Key Takeaways: The Treasury Department is seeking to equip CFIUS with greater enforcement and oversight authority. These new powers include the ability to request more information from transaction parties and also to assess more significant penalties—in some cases, potentially greater than the transaction value—against companies who fail to comply with mandatory filing requirements or violate mitigation agreements.Continue Reading Treasury Department Proposes to Sharpen the Teeth of CFIUS Enforcement

Effective April 24, the statute of limitations (“SoL”) under the International Emergency Economic Powers Act (“IEEPA”) and the Trading with the Enemy Act (“TWEA”) has been extended from five to ten years. It would have been easy to miss this change, buried within a supplemental emergency appropriation bill (H.R. 815) signed into law by President Biden on April 24, 2024, but its impacts will be profound for entities facing internal or government investigations for sanctions violations.Continue Reading Say SoL Long to Short Limits: Doubling Down on the Sanctions Statute of Limitations

Click here to read the Spanish Version.

The North American Free Trade Agreement (NAFTA) may have been replaced effective July 1, 2020 by the United States-Mexico-Canada Agreement (USMCA), but the rules of NAFTA remain alive and well in the halls of the enforcement agencies on both sides of the border.Continue Reading Gone but Not Forgotten: The Continuing Importance of NAFTA Compliance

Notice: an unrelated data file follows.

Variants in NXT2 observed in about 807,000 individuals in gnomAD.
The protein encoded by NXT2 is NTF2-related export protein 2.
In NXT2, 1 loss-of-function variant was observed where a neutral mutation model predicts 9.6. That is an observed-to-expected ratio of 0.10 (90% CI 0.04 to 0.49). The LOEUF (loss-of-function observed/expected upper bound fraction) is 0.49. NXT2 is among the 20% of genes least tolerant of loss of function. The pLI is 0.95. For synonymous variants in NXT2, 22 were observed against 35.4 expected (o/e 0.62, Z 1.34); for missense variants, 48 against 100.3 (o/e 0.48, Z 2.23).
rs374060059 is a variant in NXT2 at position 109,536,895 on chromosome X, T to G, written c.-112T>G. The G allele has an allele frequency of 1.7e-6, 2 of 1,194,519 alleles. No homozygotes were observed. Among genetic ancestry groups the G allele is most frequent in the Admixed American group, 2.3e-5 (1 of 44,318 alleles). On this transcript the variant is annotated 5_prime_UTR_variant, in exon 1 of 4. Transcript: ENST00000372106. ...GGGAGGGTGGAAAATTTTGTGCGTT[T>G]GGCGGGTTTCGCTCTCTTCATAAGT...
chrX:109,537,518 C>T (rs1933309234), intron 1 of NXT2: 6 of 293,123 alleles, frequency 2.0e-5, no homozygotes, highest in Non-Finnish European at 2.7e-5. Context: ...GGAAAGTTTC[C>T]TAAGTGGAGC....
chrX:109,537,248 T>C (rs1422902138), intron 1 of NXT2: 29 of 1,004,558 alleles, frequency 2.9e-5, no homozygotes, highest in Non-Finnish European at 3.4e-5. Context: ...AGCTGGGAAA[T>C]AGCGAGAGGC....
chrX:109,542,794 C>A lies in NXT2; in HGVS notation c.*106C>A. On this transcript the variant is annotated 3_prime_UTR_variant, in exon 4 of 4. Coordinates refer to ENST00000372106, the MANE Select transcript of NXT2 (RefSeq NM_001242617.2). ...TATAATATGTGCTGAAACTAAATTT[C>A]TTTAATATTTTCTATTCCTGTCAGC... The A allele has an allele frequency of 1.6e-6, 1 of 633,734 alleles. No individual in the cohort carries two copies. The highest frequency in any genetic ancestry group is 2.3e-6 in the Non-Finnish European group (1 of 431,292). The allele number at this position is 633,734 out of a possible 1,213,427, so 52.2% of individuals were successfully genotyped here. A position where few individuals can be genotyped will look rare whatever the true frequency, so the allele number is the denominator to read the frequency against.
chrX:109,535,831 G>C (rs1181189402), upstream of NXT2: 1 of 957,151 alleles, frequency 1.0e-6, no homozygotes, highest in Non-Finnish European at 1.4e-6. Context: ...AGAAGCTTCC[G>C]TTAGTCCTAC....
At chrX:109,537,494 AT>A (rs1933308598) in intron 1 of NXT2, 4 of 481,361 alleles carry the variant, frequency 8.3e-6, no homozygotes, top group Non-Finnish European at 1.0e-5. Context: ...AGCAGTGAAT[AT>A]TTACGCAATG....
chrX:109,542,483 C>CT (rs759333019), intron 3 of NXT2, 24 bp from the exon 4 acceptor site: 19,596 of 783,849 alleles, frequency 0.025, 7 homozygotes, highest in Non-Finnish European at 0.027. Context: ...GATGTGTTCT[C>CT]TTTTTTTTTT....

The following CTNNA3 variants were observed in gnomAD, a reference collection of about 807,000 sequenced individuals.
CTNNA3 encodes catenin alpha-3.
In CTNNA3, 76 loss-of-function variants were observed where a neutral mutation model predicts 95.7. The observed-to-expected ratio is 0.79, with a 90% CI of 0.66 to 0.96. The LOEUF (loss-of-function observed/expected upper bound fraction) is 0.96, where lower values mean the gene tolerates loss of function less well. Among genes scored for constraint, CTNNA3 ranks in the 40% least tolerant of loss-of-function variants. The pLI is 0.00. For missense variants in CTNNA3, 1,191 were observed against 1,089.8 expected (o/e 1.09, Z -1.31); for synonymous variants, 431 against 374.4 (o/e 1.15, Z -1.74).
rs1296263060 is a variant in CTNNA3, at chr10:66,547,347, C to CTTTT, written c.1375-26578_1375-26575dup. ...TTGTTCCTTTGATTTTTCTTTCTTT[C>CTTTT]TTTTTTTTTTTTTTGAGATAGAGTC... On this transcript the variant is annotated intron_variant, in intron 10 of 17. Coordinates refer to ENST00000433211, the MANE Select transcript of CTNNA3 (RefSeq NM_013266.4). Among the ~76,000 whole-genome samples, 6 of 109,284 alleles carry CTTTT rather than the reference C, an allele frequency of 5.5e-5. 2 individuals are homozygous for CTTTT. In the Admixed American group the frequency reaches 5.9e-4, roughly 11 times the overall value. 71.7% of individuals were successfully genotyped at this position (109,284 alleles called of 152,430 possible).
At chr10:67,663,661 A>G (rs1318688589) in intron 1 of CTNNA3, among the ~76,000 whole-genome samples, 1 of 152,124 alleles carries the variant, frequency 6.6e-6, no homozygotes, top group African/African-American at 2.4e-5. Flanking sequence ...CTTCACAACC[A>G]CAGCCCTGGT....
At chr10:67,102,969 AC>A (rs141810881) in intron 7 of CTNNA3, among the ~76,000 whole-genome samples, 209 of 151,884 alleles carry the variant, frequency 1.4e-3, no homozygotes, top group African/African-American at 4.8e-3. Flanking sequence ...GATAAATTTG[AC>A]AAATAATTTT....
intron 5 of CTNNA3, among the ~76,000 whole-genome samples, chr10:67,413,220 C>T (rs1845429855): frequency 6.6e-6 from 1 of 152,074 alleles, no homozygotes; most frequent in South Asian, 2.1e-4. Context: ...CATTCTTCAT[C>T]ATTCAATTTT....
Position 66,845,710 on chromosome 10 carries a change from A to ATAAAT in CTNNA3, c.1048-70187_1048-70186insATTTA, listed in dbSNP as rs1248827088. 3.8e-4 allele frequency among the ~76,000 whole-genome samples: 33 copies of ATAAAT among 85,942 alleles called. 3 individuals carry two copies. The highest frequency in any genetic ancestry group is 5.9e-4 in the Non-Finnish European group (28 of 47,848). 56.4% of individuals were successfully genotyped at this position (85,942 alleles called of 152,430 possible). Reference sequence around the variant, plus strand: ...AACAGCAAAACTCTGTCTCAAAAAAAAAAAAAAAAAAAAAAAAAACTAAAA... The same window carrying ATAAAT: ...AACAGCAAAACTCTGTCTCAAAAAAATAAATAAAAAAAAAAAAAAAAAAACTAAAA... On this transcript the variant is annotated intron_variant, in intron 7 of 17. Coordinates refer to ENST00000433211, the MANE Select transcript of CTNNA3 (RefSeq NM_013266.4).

The North American and global automotive sector is watching closely to see how the United States ultimately responds to the decision of December 14, 2022, made public on January 10, 2023, which upheld Canada’s and Mexico’s position on an important issue for calculation of a vehicle’s regional value content (RVC) under the USMCA. In dispute was whether a Core Part or Super Core Part that qualifies as originating under Articles 3.7 to 3.9 of the USMCA Auto Appendix can then have 100% of its value count as originating content when calculating the RVC of the fully assembled vehicle. The United States had argued that there was a separate “origination requirement” for Core Parts and Super Core Parts which, once satisfied, had no input into the vehicle RVC calculation. Instead, the United States argued, the vehicle RVC calculation would need to proceed from scratch, without the “roll-up” represented by the 100% value of originating Core Parts and Super Core Parts entering the vehicle RVC calculation. One consequence of the U.S. approach would have been on producers’ use of Chapter 4, Article 4.8, which limits them to just one layer of intermediate material roll-up on self-produced intermediate materials.Continue Reading A Closer Look at the Recent USMCA Automobile Disputes Panel Decision

In recent weeks we saw Canada, Mexico and the United States present their respective positions and legal arguments, often in sharply worded exchanges, about how the Auto Core Parts rules of origin under the U.S.-Mexico-Canada Agreement (USMCA) should be interpreted. It is a high-stakes issue because assembly operations for vehicles and their “Core Parts” (engine, transmission, etc.) inevitably involve lengthy bills of materials with components from many countries, and what is being disputed is whether Core Parts once found to meet the USMCA requirements to be “originating” can then have their value counted as originating value (i.e., “rolled up”) in the calculation of the regional value content (RVC) of the vehicle as a whole. Continue Reading Does the USMCA Mean What It Says? The Disputes Panel Hearing on the Auto Core Parts Rules of Origin